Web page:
by Christy Bieber | Updated July 25, 2021 - First published on Dec. 28, 2020
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The long wait for stimulus checks is over.
Last week, the House and Senate finally passed a compromise coronavirus stimulus bill after months of difficult negotiations. The $900 billion coronavirus relief package was added to a broader $1.4 trillion government funding bill that also allowed operations of the federal government to continue without the threat of a shutdown.
However, Washington was thrown into disarray when President Donald Trump didn't sign the compromise bill his administration helped to negotiate. The president instead referred to it as a "disgrace," railing against spending he saw as wasteful, and arguing that Americans deserved $2,000 stimulus checks instead of the $600 that the bill provided.
His opposition to the bill left millions of people uncertain about whether the government would shut down, and whether they would receive stimulus checks and expanded unemployment benefits. In the interim, unemployment benefits ended for millions and Congress prepared to vote on an emergency short-term funding bill to avert a shutdown.
On Sunday, however, Trump put his signature on the compromise bill, thus guaranteeing that struggling individuals and families will soon get help.
Although Trump signed the stimulus bill on Sunday while vacationing in Florida, he did so despite dissatisfaction with the agreement that lawmakers reached.
The president released a statement saying, "I will sign the omnibus and COVID package with a strong message that makes clear to Congress that wasteful items need to be removed. I will send back to Congress a redlined version, item by item, accompanied by the formal rescission request to Congress insisting that those funds be removed from the bill."
Congress does not have to respond to the president's redlining, and is unlikely to do so -- the congressional term ends in a few days, and President-elect Joe Biden takes office in January.
Trump also indicated that the Senate would soon consider other action, including increasing the size of direct payments, eliminating certain liability protections for technology companies, and focusing on his claims of voter fraud in the presidential election.
However, while Senate Majority Leader Mitch McConnell said he applauded "President Trump's decision to get hundreds of billions of dollars of crucial COVID-19 relief out the door and into the hands of American families as quickly as possible," he did not commit to addressing any other policy priorities.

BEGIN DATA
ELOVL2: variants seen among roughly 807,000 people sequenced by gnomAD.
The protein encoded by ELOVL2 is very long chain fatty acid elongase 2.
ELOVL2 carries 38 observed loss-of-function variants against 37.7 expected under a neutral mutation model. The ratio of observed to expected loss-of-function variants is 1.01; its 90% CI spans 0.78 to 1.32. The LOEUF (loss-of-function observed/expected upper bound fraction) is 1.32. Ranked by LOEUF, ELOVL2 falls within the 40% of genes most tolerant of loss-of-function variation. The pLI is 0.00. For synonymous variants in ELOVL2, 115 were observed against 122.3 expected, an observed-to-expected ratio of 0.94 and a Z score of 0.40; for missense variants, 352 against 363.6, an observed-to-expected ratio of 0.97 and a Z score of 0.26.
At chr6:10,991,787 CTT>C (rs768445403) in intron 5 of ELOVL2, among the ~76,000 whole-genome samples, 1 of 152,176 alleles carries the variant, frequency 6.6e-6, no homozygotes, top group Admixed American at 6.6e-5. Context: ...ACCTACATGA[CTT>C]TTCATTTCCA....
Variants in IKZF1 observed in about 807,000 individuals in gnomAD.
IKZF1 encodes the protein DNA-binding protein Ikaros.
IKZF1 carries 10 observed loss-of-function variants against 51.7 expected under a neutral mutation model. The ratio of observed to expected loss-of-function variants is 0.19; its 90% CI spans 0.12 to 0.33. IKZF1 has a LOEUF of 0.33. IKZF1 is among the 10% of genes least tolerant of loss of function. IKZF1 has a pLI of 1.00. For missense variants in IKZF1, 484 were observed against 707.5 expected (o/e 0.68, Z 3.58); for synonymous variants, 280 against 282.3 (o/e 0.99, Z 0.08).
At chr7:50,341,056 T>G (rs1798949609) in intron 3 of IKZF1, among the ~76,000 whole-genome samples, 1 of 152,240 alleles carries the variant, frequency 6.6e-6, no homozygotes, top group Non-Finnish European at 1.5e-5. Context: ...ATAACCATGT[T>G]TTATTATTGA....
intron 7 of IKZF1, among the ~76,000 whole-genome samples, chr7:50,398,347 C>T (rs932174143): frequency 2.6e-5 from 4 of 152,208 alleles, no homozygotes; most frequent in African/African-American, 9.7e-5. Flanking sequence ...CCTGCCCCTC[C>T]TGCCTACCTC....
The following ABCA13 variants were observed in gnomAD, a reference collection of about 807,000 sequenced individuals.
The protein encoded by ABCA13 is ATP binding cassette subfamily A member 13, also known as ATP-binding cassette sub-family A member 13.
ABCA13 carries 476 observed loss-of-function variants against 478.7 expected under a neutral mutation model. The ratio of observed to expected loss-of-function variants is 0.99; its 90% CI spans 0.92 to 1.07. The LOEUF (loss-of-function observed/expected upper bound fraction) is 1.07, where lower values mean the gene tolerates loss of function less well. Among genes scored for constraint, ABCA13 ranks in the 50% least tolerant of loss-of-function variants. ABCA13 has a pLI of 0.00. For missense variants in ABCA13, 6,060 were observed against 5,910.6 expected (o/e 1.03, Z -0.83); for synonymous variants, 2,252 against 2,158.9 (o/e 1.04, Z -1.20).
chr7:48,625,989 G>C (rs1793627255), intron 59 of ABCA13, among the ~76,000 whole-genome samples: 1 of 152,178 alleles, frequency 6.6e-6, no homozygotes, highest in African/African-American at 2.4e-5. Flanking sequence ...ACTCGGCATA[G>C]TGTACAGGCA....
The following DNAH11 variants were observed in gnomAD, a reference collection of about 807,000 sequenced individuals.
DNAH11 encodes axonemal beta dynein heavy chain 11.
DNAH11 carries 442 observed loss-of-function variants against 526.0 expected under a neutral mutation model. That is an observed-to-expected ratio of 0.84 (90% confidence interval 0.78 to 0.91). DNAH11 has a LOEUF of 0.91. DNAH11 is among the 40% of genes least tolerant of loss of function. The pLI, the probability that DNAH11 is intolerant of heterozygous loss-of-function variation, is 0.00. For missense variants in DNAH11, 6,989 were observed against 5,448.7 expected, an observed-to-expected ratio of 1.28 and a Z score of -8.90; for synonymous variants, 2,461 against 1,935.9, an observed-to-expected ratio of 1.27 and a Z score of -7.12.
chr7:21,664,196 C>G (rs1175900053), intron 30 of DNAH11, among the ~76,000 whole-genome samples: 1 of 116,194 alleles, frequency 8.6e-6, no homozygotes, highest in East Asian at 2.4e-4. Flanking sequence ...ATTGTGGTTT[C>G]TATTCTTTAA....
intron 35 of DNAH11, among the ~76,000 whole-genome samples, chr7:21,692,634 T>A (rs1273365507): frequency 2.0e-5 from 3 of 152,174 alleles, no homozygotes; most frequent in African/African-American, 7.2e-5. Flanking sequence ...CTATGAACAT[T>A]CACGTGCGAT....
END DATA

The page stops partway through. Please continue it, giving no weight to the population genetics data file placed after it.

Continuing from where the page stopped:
Now that the coronavirus stimulus legislation is signed, Americans are in line to receive stimulus checks valued at $600 per adult and $600 per eligible child dependent.
The full amount is available to single tax filers with incomes up to $75,000 and joint filers with incomes up to $150,000. For incomes above these thresholds, eligibility phases out at a rate of $5 per $100 in extra income -- so those with earnings above $87,000 as a single filer or $174,000 as a married joint filer will not receive money.
These checks are half the amount of the ones provided by the CARES Act, and the income limit at which eligibility phases out is lower. The small size of the checks was one of the president's principal objections to the bill. Democrats have joined Trump in calling for additional money, but most Republicans oppose the larger payments the president requested.
The legislation also provides an extra $300 per week in unemployment benefits until March 14, and extends benefits for gig workers and freelancers who wouldn't ordinarily qualify for jobless benefits. It also allows benefits to continue for those who have been on unemployment for the maximum number of weeks ordinarily permitted.
More money for the Paycheck Protection Program is also included to help businesses, along with targeted funds for the entertainment industry, for renters, for coronavirus vaccines, for an extension of eviction moratoriums, for schools, and for transportation.
The $600 stimulus checks could be delivered as soon as next week, so if you've been waiting for more money in your bank account, the president's signature on the bill means you're finally in line to get it.
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